The Link Between the Zika Virus and Climate Justice
As carbon emissions cause global temperatures to rise, health professionals have noticed a spread in mosquito-borne diseases like West Nile Virus. In northern parts of the United States, cool weather has traditionally caused mosquito activity to stop during the winter months. But as winters grow warmer, these natural barriers are going away.
Now, a new threat is looming in the form of the Zika virus. Though the disease hasn’t yet found a strong toehold in the U.S., the Asian tiger mosquito, which is capable of carrying Zika, is thriving in many areas, especially poorer urban neighborhoods. As this Washington Post article explains, abandoned buildings and vacant lots often become collecting grounds for trash and debris, creating areas of standing water where mosquitos can breed.
This means that, in addition to suffering higher levels of air pollution and water contamination, disadvantaged neighborhoods are in greater danger of contracting mosquito-borne diseases – and as temperatures continue to rise, this risk will grow along with them. It’s one more example of the disproportionate climate impacts felt by communities of color and other vulnerable populations.
Faith leaders such as Pope Francis have been very successful in pointing out our moral obligation to fight climate change in order to protect the most vulnerable among us. We’ve also found that climate concern and acceptance increases when people are able to see how climate change will affect them directly. This new risk may be motivating for both reasons.
By Chris Mooney, reporter for The Washington Post
“PLEASE DON’T PUT GARBAGE HERE,” says a sign in a rundown alley in the Sandtown-Winchester/Harlem Park neighborhood, where more than a third of the homes stand abandoned.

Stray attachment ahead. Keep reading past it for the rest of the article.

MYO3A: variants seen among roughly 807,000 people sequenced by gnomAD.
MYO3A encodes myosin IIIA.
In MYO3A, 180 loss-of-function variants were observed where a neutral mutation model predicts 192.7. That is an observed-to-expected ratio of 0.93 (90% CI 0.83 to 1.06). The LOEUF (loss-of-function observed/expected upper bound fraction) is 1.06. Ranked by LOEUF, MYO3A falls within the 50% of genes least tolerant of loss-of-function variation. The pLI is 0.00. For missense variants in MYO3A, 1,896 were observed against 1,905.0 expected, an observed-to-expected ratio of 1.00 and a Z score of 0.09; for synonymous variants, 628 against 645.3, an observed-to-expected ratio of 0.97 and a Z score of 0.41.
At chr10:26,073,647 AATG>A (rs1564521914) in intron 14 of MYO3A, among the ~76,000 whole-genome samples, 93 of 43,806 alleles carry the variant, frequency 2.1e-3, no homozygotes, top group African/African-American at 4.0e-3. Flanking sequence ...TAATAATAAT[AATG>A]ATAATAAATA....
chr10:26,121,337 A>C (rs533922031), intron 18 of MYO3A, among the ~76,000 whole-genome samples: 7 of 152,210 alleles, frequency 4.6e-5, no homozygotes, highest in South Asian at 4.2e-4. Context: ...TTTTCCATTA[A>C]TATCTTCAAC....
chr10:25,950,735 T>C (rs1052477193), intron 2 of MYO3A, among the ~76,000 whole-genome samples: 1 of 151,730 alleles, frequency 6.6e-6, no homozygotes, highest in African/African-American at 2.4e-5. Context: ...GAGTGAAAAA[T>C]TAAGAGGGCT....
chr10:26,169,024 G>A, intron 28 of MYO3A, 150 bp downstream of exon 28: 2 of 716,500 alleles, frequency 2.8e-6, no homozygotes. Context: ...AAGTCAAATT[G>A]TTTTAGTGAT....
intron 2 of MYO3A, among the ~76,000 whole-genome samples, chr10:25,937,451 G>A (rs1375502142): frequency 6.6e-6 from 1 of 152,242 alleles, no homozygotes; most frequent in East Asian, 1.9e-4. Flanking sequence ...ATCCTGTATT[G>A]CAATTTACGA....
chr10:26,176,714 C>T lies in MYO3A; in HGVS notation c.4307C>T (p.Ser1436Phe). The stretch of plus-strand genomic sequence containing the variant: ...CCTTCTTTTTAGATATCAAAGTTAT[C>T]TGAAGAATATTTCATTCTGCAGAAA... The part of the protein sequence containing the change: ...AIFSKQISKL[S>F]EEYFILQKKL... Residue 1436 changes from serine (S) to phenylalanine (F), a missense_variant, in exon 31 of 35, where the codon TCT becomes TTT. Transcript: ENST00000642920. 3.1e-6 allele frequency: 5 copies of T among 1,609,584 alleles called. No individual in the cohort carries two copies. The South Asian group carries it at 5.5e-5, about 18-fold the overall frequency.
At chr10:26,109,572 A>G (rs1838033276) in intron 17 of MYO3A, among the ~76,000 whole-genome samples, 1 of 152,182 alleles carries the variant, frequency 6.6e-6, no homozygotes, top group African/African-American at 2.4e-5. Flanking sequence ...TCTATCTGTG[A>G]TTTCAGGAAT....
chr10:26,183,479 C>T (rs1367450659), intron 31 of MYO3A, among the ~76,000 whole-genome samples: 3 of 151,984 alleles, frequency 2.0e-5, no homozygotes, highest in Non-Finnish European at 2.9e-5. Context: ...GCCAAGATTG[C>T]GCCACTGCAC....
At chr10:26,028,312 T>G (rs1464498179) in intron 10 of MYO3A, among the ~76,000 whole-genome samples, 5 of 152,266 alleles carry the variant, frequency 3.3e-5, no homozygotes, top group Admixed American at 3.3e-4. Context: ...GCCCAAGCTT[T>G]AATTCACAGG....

It doesn’t seem to be working. Nearby, a barking stray dog guards an enormous, sprawling pile of trash, featuring everything from an old mattress and dresser to soda cans and a laundry detergent jug.
As if the decay and crime of West Baltimore aren’t bad enough, this neighborhood faces another menace as the weather begins to warm — mosquitoes, including types that can transmit diseases such as dengue, the chikungunya virus and Zika. The number of mature, biting Asian tiger mosquitoes that can be found in Baltimore’s poorer Harlem Park and Franklin Square neighborhoods in peak mosquito season (late summer) is roughly three times the number in wealthier areas of town, according to scientists who are studying the phenomenon.
And research has found that another mosquito species, Culex pipiens — which can carry West Nile virus — is more common in hard-hit urban areas and particularly has seemed to thrive in discarded-tire “habitats” in Baltimore.
Image credit: Marvin Joseph/The Washington Post